Students For Fairness

Three Viennese youths submit a petition to stop inflamatory FPÖ campaign techniques

A poster hung on a dark-green lamp post next to a small Turkish grocer in Hernals, Vienna’s 17th District. A woman wearing a headscarf passes by with her five-year-old son and ostentatiously looks at the sky when they pass by. Other pedestrians take a short glimpse, some shake their heads, others nod, an elderly lady who is slowly pulling a grey carrier bag pauses and affirmatively mumbles: “That’s right! Away with the mob!”

“The West in Christian Hands” (Abendland in Christenhand) proclaims the poster in large red letters, the FPÖ’s electoral slogan for the upcoming European Parliament elections.

Thousands of posters of this kind for FPÖ far-right candidate Andreas Mölzer were put up all over Austria in May. The posters were, like those of all parties, partly supported through governmental funds. Much to the disdain of Jacob Lassar, a 17-year-old student at the Vienna International School, who was frustrated that an electoral campaign discredited members of other religious groups.

So he started campaigning himself and established a Citizen’s Initiative Against the Modern Crusade (Bürgerinitiative gegen den Modernen Kreuzzug). As of the end of August, he had collected more than the required 500 signatures to submit it to the National Assembly.

“If the electoral campaign of a party includes inflammatory elements against one culture or religion, like the FPÖ did, or misuses religious symbols, then we want it not to  receive further governmental funds and that it should pay back the subsidies,” Lassar said, the Initiative hopes to have an amendment passed to the law governing public financing of election campaigns.

Ironically it was Heinz Christian Strache’s appearance at another citizen’s initiative in May that inspired Lassar to launch his own action. During the protest march of the initiative “Bye-Bye Mosque” (Moschee ade) protesting the extension of a mosque in the 20th District, the FPÖ party leader had carried a wooden cross to symbolically hammer home the message. It is to protest this gesture that the name was chosen.

“Heinz Christian Strache, with his cross, reminded me of the medieval crusades,” Lassar told the Vienna Review. When he noticed that the Austrian Freedom party was using religious symbolism on its electoral posters, his initial reaction was, “This can’t possibly be true. That does it!” he remembered. So he started to research online about how to organize a citizen-action group and met with two friends to formulate proposals.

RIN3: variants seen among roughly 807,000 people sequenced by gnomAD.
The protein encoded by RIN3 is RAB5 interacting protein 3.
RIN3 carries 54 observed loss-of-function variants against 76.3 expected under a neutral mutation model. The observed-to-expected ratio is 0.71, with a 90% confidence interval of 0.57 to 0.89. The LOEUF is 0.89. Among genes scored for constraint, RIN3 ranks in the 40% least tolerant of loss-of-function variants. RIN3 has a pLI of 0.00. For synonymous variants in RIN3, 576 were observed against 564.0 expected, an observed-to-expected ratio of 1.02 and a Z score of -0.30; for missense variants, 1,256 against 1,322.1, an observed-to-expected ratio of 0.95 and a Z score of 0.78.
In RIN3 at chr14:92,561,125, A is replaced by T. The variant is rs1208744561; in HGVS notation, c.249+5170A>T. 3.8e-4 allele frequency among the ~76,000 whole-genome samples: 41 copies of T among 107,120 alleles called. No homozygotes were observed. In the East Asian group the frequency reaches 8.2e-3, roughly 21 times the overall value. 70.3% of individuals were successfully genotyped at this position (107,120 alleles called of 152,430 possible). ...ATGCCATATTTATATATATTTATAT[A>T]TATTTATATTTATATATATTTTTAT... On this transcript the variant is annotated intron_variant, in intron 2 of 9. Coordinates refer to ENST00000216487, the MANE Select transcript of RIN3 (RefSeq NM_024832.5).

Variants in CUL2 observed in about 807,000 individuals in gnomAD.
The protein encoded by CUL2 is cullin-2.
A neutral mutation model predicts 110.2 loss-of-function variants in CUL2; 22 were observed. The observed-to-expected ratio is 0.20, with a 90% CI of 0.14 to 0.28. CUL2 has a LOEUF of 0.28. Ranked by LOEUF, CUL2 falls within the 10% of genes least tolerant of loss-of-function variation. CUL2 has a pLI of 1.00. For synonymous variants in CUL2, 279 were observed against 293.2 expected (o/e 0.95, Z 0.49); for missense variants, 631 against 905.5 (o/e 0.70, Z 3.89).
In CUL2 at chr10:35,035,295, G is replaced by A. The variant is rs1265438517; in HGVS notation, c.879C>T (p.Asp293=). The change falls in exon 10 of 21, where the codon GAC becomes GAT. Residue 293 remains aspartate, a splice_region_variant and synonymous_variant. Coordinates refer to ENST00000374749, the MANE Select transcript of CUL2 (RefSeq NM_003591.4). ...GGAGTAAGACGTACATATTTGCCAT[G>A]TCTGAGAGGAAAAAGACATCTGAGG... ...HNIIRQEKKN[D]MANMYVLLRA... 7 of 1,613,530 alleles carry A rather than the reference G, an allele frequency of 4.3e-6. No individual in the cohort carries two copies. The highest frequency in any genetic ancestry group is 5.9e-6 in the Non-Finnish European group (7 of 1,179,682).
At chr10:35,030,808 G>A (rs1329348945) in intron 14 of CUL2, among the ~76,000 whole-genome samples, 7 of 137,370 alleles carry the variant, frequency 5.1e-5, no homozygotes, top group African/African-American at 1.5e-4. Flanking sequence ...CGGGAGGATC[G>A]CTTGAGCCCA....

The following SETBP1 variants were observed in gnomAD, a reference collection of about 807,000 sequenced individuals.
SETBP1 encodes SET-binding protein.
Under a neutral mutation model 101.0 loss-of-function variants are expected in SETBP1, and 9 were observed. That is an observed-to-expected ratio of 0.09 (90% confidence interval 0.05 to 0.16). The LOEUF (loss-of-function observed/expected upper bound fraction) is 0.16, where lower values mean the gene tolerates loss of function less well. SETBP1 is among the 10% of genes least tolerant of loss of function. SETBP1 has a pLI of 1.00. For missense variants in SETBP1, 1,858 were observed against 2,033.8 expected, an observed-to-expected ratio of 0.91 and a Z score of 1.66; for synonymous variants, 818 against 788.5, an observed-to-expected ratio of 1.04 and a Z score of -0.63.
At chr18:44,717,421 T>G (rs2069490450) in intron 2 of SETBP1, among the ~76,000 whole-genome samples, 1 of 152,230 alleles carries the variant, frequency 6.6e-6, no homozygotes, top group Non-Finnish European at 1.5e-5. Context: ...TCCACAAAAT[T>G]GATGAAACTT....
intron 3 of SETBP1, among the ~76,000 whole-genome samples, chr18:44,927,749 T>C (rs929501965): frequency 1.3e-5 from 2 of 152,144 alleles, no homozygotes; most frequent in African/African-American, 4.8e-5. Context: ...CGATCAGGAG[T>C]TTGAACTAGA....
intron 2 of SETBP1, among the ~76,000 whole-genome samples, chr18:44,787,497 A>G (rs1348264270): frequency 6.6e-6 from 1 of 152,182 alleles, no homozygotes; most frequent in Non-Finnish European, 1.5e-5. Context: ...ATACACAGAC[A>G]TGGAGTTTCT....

Determined that their initiative should succeed Lassar and two friends, Lenny Bronner and Moritz Yvon, tried to make sure that their petition would hold up under the National Assembly’s criteria.

“The problem was that the initiative has to appeal to the National Assembly. Many initiatives are rejected on the grounds that they have no jurisdiction in that area,” Lassar said. “That’s why we are calling for an amendment – as this is something the National Assembly is responsible for.” After consulting a parliamentarian jurist to make sure that their initiative fulfilled all legal norms, they started hunting for the 500 signatures.

“Totally enthusiastic – I want to support you,” is how Lassar describes the reactions to their grassroots initiative. The group has been organizing gatherings at Viennese cafes – which are announced on the social network platform Facebook – so that interested parties can sign the list. The group is also planning to set up their own homepage and organize a benefit concert. In the weeks to come, the three students want to hand in their petition, which will then be considered in a plenary session of the Parliament and may lead to an amendment –  “which I would hope,” Lassar emphasizes.

The group is planning to continue organizing gatherings even after the debate in the Assembly.

“I think it’s cool that this initiative has been founded by teenagers,” assesses the 17-year-old with pride, “as this shows that we can change society, for more integration and tolerance!”

Regardless of the final outcome, with reports on the Austrian national radio station FM4 and an article in the weekly Der Falter, Jacob Lassar, Lenny Bronner and Moritz Yvon appear to have succeeded in their primary aim: to spark public discussion on xenophobia, and make a political statement that everyone can fight against it and make a contribution to greater tolerance.

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